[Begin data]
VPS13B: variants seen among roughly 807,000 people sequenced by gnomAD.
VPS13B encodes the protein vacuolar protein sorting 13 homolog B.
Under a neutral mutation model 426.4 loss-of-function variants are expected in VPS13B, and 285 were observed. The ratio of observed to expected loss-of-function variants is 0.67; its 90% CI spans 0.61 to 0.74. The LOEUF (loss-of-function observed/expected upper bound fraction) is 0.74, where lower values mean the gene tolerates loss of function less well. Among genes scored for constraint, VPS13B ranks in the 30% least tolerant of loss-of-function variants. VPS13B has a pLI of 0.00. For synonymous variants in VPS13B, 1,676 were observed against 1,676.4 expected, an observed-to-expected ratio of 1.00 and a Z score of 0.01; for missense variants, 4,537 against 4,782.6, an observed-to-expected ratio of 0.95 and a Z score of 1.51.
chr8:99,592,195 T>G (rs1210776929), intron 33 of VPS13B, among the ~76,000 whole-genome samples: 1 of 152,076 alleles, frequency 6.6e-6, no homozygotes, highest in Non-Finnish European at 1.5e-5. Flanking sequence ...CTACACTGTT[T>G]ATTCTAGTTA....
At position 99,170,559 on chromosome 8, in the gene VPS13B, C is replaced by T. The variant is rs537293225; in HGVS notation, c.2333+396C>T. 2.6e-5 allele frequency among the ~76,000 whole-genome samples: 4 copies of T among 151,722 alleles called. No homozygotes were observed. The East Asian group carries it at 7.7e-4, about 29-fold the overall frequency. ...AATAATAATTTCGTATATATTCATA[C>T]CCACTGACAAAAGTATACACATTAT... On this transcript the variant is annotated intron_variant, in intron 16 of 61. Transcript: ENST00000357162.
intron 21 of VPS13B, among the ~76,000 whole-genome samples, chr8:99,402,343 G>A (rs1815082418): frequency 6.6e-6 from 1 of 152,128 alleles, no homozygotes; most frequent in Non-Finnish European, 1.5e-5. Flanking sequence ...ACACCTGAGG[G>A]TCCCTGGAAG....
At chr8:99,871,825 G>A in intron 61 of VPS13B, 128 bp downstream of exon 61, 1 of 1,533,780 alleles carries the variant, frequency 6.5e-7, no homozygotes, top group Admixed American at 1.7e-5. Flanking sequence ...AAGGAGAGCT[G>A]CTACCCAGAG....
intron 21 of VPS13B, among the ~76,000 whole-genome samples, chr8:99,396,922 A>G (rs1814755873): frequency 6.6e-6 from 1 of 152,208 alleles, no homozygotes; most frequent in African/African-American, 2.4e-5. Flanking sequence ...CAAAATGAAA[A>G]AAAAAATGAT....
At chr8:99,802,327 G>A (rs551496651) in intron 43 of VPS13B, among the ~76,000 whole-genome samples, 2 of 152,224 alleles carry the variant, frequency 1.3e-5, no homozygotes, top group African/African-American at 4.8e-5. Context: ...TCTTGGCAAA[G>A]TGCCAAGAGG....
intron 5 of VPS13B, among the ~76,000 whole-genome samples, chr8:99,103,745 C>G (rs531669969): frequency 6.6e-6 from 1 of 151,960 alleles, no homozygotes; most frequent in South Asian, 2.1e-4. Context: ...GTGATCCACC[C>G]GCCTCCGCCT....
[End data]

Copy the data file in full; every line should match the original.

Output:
VPS13B: variants seen among roughly 807,000 people sequenced by gnomAD.
VPS13B encodes the protein vacuolar protein sorting 13 homolog B.
Under a neutral mutation model 426.4 loss-of-function variants are expected in VPS13B, and 285 were observed. The ratio of observed to expected loss-of-function variants is 0.67; its 90% CI spans 0.61 to 0.74. The LOEUF (loss-of-function observed/expected upper bound fraction) is 0.74, where lower values mean the gene tolerates loss of function less well. Among genes scored for constraint, VPS13B ranks in the 30% least tolerant of loss-of-function variants. VPS13B has a pLI of 0.00. For synonymous variants in VPS13B, 1,676 were observed against 1,676.4 expected, an observed-to-expected ratio of 1.00 and a Z score of 0.01; for missense variants, 4,537 against 4,782.6, an observed-to-expected ratio of 0.95 and a Z score of 1.51.
chr8:99,592,195 T>G (rs1210776929), intron 33 of VPS13B, among the ~76,000 whole-genome samples: 1 of 152,076 alleles, frequency 6.6e-6, no homozygotes, highest in Non-Finnish European at 1.5e-5. Flanking sequence ...CTACACTGTT[T>G]ATTCTAGTTA....
At position 99,170,559 on chromosome 8, in the gene VPS13B, C is replaced by T. The variant is rs537293225; in HGVS notation, c.2333+396C>T. 2.6e-5 allele frequency among the ~76,000 whole-genome samples: 4 copies of T among 151,722 alleles called. No homozygotes were observed. The East Asian group carries it at 7.7e-4, about 29-fold the overall frequency. ...AATAATAATTTCGTATATATTCATA[C>T]CCACTGACAAAAGTATACACATTAT... On this transcript the variant is annotated intron_variant, in intron 16 of 61. Transcript: ENST00000357162.
intron 21 of VPS13B, among the ~76,000 whole-genome samples, chr8:99,402,343 G>A (rs1815082418): frequency 6.6e-6 from 1 of 152,128 alleles, no homozygotes; most frequent in Non-Finnish European, 1.5e-5. Flanking sequence ...ACACCTGAGG[G>A]TCCCTGGAAG....
At chr8:99,871,825 G>A in intron 61 of VPS13B, 128 bp downstream of exon 61, 1 of 1,533,780 alleles carries the variant, frequency 6.5e-7, no homozygotes, top group Admixed American at 1.7e-5. Flanking sequence ...AAGGAGAGCT[G>A]CTACCCAGAG....
intron 21 of VPS13B, among the ~76,000 whole-genome samples, chr8:99,396,922 A>G (rs1814755873): frequency 6.6e-6 from 1 of 152,208 alleles, no homozygotes; most frequent in African/African-American, 2.4e-5. Flanking sequence ...CAAAATGAAA[A>G]AAAAAATGAT....
At chr8:99,802,327 G>A (rs551496651) in intron 43 of VPS13B, among the ~76,000 whole-genome samples, 2 of 152,224 alleles carry the variant, frequency 1.3e-5, no homozygotes, top group African/African-American at 4.8e-5. Context: ...TCTTGGCAAA[G>A]TGCCAAGAGG....
intron 5 of VPS13B, among the ~76,000 whole-genome samples, chr8:99,103,745 C>G (rs531669969): frequency 6.6e-6 from 1 of 151,960 alleles, no homozygotes; most frequent in South Asian, 2.1e-4. Context: ...GTGATCCACC[C>G]GCCTCCGCCT....